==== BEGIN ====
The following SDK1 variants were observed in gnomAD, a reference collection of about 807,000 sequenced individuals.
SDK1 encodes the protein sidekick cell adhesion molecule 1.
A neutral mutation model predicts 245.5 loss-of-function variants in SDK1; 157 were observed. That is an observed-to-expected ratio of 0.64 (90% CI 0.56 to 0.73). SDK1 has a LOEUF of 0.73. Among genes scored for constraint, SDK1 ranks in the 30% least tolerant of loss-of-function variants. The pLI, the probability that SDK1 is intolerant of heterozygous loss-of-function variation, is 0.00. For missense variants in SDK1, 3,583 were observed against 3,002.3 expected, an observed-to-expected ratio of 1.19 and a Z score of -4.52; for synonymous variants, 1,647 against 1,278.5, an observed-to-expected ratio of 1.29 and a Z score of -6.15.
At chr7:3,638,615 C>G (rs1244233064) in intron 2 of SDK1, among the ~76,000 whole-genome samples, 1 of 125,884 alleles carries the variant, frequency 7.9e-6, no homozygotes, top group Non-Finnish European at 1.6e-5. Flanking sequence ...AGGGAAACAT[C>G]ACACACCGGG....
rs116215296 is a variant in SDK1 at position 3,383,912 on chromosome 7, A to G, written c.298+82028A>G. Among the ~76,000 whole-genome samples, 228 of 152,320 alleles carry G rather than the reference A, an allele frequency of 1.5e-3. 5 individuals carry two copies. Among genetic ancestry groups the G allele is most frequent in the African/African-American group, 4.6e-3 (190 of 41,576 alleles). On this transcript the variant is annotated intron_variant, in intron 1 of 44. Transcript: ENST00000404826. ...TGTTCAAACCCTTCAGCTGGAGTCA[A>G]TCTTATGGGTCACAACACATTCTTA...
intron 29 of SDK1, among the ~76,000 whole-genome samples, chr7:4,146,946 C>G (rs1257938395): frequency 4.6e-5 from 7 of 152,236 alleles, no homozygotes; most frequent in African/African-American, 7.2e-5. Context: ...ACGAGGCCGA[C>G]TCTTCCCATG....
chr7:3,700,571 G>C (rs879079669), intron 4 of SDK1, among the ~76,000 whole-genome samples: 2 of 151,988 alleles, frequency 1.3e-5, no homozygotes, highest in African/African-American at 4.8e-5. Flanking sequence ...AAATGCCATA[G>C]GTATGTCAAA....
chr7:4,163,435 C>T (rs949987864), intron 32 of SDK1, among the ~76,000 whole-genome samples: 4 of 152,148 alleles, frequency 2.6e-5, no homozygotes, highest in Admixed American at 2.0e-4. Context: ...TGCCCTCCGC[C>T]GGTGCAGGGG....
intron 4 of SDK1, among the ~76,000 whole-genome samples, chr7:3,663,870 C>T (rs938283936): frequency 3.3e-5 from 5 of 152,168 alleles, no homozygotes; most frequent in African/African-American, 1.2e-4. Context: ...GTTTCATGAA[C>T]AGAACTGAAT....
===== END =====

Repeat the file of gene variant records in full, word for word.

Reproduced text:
The following SDK1 variants were observed in gnomAD, a reference collection of about 807,000 sequenced individuals.
SDK1 encodes the protein sidekick cell adhesion molecule 1.
A neutral mutation model predicts 245.5 loss-of-function variants in SDK1; 157 were observed. That is an observed-to-expected ratio of 0.64 (90% CI 0.56 to 0.73). SDK1 has a LOEUF of 0.73. Among genes scored for constraint, SDK1 ranks in the 30% least tolerant of loss-of-function variants. The pLI, the probability that SDK1 is intolerant of heterozygous loss-of-function variation, is 0.00. For missense variants in SDK1, 3,583 were observed against 3,002.3 expected, an observed-to-expected ratio of 1.19 and a Z score of -4.52; for synonymous variants, 1,647 against 1,278.5, an observed-to-expected ratio of 1.29 and a Z score of -6.15.
At chr7:3,638,615 C>G (rs1244233064) in intron 2 of SDK1, among the ~76,000 whole-genome samples, 1 of 125,884 alleles carries the variant, frequency 7.9e-6, no homozygotes, top group Non-Finnish European at 1.6e-5. Flanking sequence ...AGGGAAACAT[C>G]ACACACCGGG....
rs116215296 is a variant in SDK1 at position 3,383,912 on chromosome 7, A to G, written c.298+82028A>G. Among the ~76,000 whole-genome samples, 228 of 152,320 alleles carry G rather than the reference A, an allele frequency of 1.5e-3. 5 individuals carry two copies. Among genetic ancestry groups the G allele is most frequent in the African/African-American group, 4.6e-3 (190 of 41,576 alleles). On this transcript the variant is annotated intron_variant, in intron 1 of 44. Transcript: ENST00000404826. ...TGTTCAAACCCTTCAGCTGGAGTCA[A>G]TCTTATGGGTCACAACACATTCTTA...
intron 29 of SDK1, among the ~76,000 whole-genome samples, chr7:4,146,946 C>G (rs1257938395): frequency 4.6e-5 from 7 of 152,236 alleles, no homozygotes; most frequent in African/African-American, 7.2e-5. Context: ...ACGAGGCCGA[C>G]TCTTCCCATG....
chr7:3,700,571 G>C (rs879079669), intron 4 of SDK1, among the ~76,000 whole-genome samples: 2 of 151,988 alleles, frequency 1.3e-5, no homozygotes, highest in African/African-American at 4.8e-5. Flanking sequence ...AAATGCCATA[G>C]GTATGTCAAA....
chr7:4,163,435 C>T (rs949987864), intron 32 of SDK1, among the ~76,000 whole-genome samples: 4 of 152,148 alleles, frequency 2.6e-5, no homozygotes, highest in Admixed American at 2.0e-4. Context: ...TGCCCTCCGC[C>T]GGTGCAGGGG....
intron 4 of SDK1, among the ~76,000 whole-genome samples, chr7:3,663,870 C>T (rs938283936): frequency 3.3e-5 from 5 of 152,168 alleles, no homozygotes; most frequent in African/African-American, 1.2e-4. Context: ...GTTTCATGAA[C>T]AGAACTGAAT....